The ships that participate with PDVSA in these operations, once loaded from Venezuela, turn off their GPS and disappear from satellite services, just as the Iranian vessels that have recently brought gasoline to Venezuela have done.

These vessels on the high seas disappear from the satellites and then reappear in other latitudes, and on several occasions with changes in number, name and registration.

“Traveling with the transmitter off means that ships can be renamed while the signal is off and that information is only shared when the signal is turned on again. This usually happens weeks or even months after they have left Venezuelan waters,” says Reuters .

The agency refers to the cases of two vessels that would be operating for Venezuela: the Lion 1 and the Vinland. The Lion 1’s transmitter has been offline since late 2018, according to energy consulting firm Refinitv Eikon, while the Vinland vessel, according to Greece-based Dido Shipping Company SA, “was been dismantled in Turkey this past June,” the agency quotes.

Another practice that PDVSA would be executing and that would’ve been learned from the Iranians is the transfer of cargo from one vessel to another, offshore. With the locating devices turned off, these loads pass from one vessel to another to hide the shipments and origin of the crude, thus incorporating them into the regular market.

According to Reuters , these maneuvers would be driving a jump in exports and therefore in the production of Venezuelan crude, which, according to the British media, would’ve reached some 700,000 barrels per day last September.

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In February of this year, Venezuelan authorities detained two managers of the state-owned PDVSA belonging to the Directorate of Commerce and Supply, in charge of the oil company’s import and export commercial operations. These officials were accused by the Venezuelan Prosecutor’s Office of having facilitated the leakage of “strategic information” on the operations and commercial allies of the state company.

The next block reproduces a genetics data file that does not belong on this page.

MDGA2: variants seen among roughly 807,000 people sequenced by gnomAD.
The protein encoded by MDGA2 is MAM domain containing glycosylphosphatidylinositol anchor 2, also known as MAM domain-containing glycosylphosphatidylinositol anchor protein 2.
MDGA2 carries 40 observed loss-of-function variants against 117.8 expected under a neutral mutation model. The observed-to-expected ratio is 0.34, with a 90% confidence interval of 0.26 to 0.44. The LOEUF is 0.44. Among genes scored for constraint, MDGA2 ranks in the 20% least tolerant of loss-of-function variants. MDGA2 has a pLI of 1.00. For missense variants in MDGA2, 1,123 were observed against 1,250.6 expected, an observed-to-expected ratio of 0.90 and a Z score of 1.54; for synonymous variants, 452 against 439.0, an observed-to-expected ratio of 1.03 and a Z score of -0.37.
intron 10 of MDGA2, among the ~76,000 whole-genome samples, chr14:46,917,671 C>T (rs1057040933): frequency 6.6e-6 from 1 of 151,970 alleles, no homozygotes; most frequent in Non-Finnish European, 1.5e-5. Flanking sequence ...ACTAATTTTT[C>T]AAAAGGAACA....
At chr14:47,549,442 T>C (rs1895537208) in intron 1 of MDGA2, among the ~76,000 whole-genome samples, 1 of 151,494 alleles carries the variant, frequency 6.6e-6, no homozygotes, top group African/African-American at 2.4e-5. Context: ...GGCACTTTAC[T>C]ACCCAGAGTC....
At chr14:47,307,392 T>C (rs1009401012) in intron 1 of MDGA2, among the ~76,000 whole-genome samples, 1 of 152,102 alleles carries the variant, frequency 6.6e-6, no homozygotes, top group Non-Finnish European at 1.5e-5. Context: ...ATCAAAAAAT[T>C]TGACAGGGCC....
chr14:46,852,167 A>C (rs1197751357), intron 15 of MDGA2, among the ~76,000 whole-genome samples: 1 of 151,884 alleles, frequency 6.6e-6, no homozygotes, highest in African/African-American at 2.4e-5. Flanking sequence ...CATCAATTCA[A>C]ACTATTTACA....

Then in March, US authorities boasted of announcing a set of “sanctions” against ships and freight companies for oil activity, for bringing gasoline to Venezuela or transferring Venezuelan crude, including TNK Trading International, a subsidiary of Russia’s Rosneft, unleashing in that month a sharp increase of fuel shortages in the Caribbean nation that remains until today. The measures against boats were extended in the following months.

The US news agency AP has reported that the commercial asphyxiation measures against Venezuela have resulted in various actions against more than fifty vessels related to Venezuelan activity, especially those linked to the transfer of fuel and additives for the manufacture of gasoline in Venezuela.

Obviously, for PDVSA, the US blockade—that has deepened during 2020—has imposed a change of rules in its traditional commercial activities, which had been built according to international regulations and protocols.

Now the country seems to be redesigning its chain of commercial processes within singular parameters, responding to opportunities as possible.

Venezuela has recently launched the legal instrument called the Anti-Blockade Law, a legal framework that emphasizes selectively “not applying” regulations and sections of some essential laws, according to discretionary parameters of State policy originating from circumstances imposed by the blockade.

In oil matters, this law has an emphasis on some mechanisms provided for in the Organic Hydrocarbons Law, to establish commercial alliances without institutional and legal restrictions and, in addition, establish a reserve in access to information on the operations that PDVSA will carry out henceforth, with the purpose of protecting the allies and the state itself from the actions of the Americans.

It seems clear that in the face of the piracy and commercial poaching practices of the US oil blockade, Venezuela is acting correspondingly, adjusting its commercial activity and protecting its legal basis, in order to resist the attacks of the boycott.

Venezuela would be applying practices that other countries like Iran have taken years to develop. Obviously, the Anti-Blockade Law becomes at this point a clear sign of an understanding and adjustment by the Venezuelan authorities to the particulars of the new reality imposed by the blockades. In this way Venezuela benefits from strategies that several governments of blocked countries took years or decades to interpret, develop and implement in their actions and in their laws.


Featured image: Street pints against the US blockade of Venezuela (Photo: AP)

(Mision Verdad)

Translation: OT/JRE/SL